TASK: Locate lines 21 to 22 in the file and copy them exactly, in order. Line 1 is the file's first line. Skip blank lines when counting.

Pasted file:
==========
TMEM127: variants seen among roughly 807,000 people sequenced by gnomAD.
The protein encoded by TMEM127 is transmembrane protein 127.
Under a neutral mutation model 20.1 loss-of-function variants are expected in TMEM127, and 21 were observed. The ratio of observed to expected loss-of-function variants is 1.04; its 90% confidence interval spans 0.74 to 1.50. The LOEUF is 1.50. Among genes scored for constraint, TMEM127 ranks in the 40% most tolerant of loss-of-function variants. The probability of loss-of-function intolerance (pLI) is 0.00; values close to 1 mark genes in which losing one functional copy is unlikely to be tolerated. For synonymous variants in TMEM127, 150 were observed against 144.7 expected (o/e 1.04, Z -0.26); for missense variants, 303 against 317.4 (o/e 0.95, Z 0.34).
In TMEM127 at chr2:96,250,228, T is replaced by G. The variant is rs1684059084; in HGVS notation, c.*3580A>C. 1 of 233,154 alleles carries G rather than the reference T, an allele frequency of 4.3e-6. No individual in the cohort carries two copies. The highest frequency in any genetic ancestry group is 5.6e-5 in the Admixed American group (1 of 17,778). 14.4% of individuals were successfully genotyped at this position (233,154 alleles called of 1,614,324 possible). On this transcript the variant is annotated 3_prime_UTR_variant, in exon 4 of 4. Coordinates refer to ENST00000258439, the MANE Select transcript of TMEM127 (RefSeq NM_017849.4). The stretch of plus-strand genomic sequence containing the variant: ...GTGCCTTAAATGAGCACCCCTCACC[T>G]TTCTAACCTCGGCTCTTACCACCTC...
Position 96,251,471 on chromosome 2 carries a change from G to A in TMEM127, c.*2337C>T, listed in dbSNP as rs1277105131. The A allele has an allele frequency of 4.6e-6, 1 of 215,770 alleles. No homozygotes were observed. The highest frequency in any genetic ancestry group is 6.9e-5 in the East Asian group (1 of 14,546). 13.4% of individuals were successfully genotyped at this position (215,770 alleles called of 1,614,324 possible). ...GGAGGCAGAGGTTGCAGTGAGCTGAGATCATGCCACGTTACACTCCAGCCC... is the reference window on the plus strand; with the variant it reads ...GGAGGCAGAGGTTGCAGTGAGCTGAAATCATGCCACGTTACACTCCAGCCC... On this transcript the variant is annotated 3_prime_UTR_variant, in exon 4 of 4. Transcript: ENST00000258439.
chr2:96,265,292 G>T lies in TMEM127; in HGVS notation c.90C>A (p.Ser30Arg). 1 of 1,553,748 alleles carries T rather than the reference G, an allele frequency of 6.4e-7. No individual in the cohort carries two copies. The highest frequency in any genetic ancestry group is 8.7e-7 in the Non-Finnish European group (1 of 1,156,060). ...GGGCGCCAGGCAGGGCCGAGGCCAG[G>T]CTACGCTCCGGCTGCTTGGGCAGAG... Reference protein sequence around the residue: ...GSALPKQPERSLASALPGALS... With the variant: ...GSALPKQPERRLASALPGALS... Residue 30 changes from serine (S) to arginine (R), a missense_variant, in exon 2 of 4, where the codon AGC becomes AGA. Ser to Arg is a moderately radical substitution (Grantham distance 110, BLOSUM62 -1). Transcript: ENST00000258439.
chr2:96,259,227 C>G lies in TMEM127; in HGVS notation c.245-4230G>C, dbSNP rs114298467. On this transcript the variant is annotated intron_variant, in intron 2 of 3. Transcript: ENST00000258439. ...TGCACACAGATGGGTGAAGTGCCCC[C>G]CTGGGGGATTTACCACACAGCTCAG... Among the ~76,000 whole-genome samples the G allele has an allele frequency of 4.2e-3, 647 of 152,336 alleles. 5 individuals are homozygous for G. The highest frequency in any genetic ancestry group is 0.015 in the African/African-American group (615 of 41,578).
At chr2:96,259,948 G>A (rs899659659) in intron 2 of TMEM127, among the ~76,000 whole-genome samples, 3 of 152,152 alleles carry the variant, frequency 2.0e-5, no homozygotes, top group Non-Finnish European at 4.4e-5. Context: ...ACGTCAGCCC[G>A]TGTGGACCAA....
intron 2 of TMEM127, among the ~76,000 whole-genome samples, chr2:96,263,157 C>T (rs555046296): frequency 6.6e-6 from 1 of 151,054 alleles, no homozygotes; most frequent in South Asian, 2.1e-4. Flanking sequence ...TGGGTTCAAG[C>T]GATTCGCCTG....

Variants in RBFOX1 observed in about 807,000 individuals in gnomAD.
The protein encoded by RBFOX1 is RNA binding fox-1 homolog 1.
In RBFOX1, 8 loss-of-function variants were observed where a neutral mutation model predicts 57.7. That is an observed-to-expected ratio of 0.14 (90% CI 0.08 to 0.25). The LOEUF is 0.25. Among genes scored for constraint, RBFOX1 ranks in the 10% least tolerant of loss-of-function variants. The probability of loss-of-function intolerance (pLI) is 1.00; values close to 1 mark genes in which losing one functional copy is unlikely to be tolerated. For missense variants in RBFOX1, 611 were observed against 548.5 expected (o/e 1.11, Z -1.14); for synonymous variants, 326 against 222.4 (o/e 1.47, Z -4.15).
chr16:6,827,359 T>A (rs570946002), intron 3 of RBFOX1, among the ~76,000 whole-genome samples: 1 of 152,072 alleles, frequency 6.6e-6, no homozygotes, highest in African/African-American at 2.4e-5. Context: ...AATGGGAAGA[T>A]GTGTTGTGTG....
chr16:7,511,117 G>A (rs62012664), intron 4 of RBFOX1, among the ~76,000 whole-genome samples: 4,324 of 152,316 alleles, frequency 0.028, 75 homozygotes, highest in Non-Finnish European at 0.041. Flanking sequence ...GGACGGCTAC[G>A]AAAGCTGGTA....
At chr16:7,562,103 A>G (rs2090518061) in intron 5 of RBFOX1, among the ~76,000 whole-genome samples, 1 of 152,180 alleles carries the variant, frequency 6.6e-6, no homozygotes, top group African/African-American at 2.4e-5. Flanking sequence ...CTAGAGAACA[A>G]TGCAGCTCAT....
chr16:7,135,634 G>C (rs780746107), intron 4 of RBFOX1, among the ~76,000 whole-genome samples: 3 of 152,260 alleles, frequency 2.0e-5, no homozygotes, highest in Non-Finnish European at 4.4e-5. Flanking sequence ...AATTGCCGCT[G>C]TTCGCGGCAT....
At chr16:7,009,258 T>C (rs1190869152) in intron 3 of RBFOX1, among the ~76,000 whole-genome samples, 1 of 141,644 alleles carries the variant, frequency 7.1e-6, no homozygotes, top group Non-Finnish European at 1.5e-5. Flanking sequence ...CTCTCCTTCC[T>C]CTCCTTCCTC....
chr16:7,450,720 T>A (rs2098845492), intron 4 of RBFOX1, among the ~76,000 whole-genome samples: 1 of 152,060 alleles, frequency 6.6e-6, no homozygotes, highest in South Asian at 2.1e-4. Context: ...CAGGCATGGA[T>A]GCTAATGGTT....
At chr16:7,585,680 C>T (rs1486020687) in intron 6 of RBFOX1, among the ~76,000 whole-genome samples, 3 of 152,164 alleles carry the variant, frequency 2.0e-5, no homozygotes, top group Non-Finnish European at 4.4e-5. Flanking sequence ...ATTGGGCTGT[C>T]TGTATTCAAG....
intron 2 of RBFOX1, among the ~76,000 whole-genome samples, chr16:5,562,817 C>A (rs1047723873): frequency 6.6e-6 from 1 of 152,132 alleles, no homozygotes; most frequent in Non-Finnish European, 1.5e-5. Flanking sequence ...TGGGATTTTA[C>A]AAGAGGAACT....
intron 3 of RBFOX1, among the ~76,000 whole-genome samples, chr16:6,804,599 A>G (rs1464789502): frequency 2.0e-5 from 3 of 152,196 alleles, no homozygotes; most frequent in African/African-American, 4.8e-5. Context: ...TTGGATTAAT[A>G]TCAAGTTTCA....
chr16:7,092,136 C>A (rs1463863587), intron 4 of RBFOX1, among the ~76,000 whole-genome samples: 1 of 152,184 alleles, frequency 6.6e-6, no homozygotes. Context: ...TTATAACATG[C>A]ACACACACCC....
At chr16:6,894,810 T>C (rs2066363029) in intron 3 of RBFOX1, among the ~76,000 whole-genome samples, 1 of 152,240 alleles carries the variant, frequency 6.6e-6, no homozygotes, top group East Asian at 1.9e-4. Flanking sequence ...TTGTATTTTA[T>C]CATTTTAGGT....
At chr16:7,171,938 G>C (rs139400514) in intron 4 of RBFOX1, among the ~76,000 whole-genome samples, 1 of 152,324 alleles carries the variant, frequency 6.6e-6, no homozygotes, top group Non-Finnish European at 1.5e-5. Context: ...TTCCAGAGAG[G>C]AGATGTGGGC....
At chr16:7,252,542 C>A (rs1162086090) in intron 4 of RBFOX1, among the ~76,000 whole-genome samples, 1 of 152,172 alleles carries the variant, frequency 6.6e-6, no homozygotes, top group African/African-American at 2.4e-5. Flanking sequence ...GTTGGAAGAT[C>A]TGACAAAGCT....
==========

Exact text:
intron 3 of RBFOX1, among the ~76,000 whole-genome samples, chr16:6,804,599 A>G (rs1464789502): frequency 2.0e-5 from 3 of 152,196 alleles, no homozygotes; most frequent in African/African-American, 4.8e-5. Context: ...TTGGATTAAT[A>G]TCAAGTTTCA....
chr16:7,092,136 C>A (rs1463863587), intron 4 of RBFOX1, among the ~76,000 whole-genome samples: 1 of 152,184 alleles, frequency 6.6e-6, no homozygotes. Context: ...TTATAACATG[C>A]ACACACACCC....